Preparing for Teacher Effectiveness

Making TELL work for you.

Most educators start their connection to the TELL Project with a familiarization of the Teacher Effectiveness for Language Learning Framework. They then move among the other components based on their interests and needs. For example, some may want to gain a deeper understanding of the general and world language education literature that supports why the criteria were chosen for inclusion in the TELL Framework and how they correlate to other nationally recognized frameworks. Some may choose to use the self-assessment tools to take stock of their current practice and to determine future areas of growth. Others may elect to use the suite of classroom feedback tools to gather information about their own teaching from colleagues.

Below are five different scenarios illustrating how the TELL Framework and its tools might be used to enhance understanding of what it means to be an effective language teacher.

The School District Level

The district curriculum supervisor wanted to provide more meaningful, focused and individualized professional development for her world language teachers—professional development that was rooted in unquestionable best practice. Using TELL as her principal resource she organized a plan to (1) help her teachers better understand what it means to be an effective world language teacher, (2) assess their current practice against the criteria for the model world language teacher, (3) determine for themselves their top priority growth areas for the coming school year, and (4) participate in specialized professional development aimed at their particular needs.

First, the world language teachers participated in a full-day in-service workshop to become familiar with them the Teacher Effectiveness for Language Learning Framework. The workshop proceeded in the following manner:

  • The supervisor provided background information on the importance of student achievement, in general, and how achievement affects the quality of individual lives and collective society.
  • Teachers broke into small groups. Each group took a sheet of flip chart paper and listed those characteristics that they felt effective foreign language teachers evidence. These were then shared with the whole group.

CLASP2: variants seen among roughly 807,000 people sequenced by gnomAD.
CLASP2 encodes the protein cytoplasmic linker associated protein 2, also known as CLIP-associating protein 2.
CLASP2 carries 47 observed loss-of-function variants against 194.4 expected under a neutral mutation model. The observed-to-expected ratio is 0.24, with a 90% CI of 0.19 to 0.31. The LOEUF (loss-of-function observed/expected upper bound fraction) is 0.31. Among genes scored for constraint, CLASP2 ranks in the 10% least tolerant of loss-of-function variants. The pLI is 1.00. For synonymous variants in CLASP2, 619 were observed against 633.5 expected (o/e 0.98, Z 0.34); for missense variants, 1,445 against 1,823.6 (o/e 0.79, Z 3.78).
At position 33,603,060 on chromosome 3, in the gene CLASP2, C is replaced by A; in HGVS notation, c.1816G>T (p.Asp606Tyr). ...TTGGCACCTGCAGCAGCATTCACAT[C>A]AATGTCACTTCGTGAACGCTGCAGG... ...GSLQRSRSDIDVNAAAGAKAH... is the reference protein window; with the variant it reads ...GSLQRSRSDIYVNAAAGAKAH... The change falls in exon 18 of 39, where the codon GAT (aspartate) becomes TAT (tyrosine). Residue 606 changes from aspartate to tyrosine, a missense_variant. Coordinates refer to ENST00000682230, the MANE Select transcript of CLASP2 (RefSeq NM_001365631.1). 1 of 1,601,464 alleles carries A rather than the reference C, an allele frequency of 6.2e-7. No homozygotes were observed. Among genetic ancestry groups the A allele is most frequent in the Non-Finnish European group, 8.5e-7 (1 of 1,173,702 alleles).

• Before teachers started to look at the TELL Framework in detail, the supervisor reminded the group of the three beliefs about the framework that are stated in the introduction.
  • In small groups, teachers were asked to take one domain from the TELL framework and to follow these instructions:
    1. Determine a chair who would moderate the discussion and keep the conversation flowing making certain that no teacher monopolized the input.
    2. Read silently the criteria for this domain.
    3. Clarify, in the group, any language that was unclear.
    4. Discuss your feelings about the criteria and ask yourselves this question: “Do I think this is important for a world language teacher to do? Why?
  • Back in the whole group the supervisor engaged the teachers in any discussion pertinent to the domain and to specific criteria.
  • Teachers then continued this process until they completed all 7 TELL Framework domains.
  • Following the negotiated understanding of the framework, the teachers used the self-assessment tool to catalog current adherence to the criteria.
  • Teachers then chose their top three choices for growth in the coming semester and gave this information to the supervisor.

The supervisor then reviewed this information in order to determine where she might be able to provide individual teachers assistance and support and to also ascertain common areas of interest that could lead to offering corporate learning opportunities for teachers based on identified needs.

The Department Level

The world language department head of an independent school became aware of the TELL materials by reading a professional journal and decided to present them to her departmental colleagues for consideration. An upcoming scheduled professional development day on the school’s calendar provided just the opportunity for the department to get acquainted with the materials. While the morning was devoted to a speaker who presented information to the entire school, the afternoon was set aside for specific departmental concerns. The casual, post-lunch time provided a relaxed opportunity for the department head to talk about the amount of compelling research that was surfacing in the general education scholarship on the importance of teacher effectiveness to student achievement. The fact that all teachers contribute to the level of student achievement in a school provided the perfect context this department head was looking for to loop her teachers into this significant discussion. Once this context was established, the remaining hour of the afternoon session was devoted to a quick overview of the domains of the TELL Framework and a slightly more detailed look at the Environment domain. Over the course of the next several months, half of each department meeting was dedicated to the study of the other framework domains and subsequent discussion by department members. The department members made the decision to start the next school year with each teacher taking the self-assessment to determine their own personal growth areas for the new academic year.